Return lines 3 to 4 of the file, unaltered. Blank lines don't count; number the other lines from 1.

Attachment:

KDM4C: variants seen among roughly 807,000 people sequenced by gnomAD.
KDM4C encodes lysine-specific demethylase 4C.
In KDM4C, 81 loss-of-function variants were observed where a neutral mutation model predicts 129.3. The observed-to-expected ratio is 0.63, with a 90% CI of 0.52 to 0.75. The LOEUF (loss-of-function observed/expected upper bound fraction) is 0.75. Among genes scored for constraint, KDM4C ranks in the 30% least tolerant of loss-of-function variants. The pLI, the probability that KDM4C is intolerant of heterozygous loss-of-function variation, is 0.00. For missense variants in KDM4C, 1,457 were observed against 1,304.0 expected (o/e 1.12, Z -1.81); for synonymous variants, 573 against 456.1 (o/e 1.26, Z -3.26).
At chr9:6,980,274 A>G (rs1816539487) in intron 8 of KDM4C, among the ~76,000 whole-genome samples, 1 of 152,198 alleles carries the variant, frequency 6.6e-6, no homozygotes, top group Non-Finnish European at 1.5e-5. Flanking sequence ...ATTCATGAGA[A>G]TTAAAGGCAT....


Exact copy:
In KDM4C, 81 loss-of-function variants were observed where a neutral mutation model predicts 129.3. The observed-to-expected ratio is 0.63, with a 90% CI of 0.52 to 0.75. The LOEUF (loss-of-function observed/expected upper bound fraction) is 0.75. Among genes scored for constraint, KDM4C ranks in the 30% least tolerant of loss-of-function variants. The pLI, the probability that KDM4C is intolerant of heterozygous loss-of-function variation, is 0.00. For missense variants in KDM4C, 1,457 were observed against 1,304.0 expected (o/e 1.12, Z -1.81); for synonymous variants, 573 against 456.1 (o/e 1.26, Z -3.26).
At chr9:6,980,274 A>G (rs1816539487) in intron 8 of KDM4C, among the ~76,000 whole-genome samples, 1 of 152,198 alleles carries the variant, frequency 6.6e-6, no homozygotes, top group Non-Finnish European at 1.5e-5. Flanking sequence ...ATTCATGAGA[A>G]TTAAAGGCAT....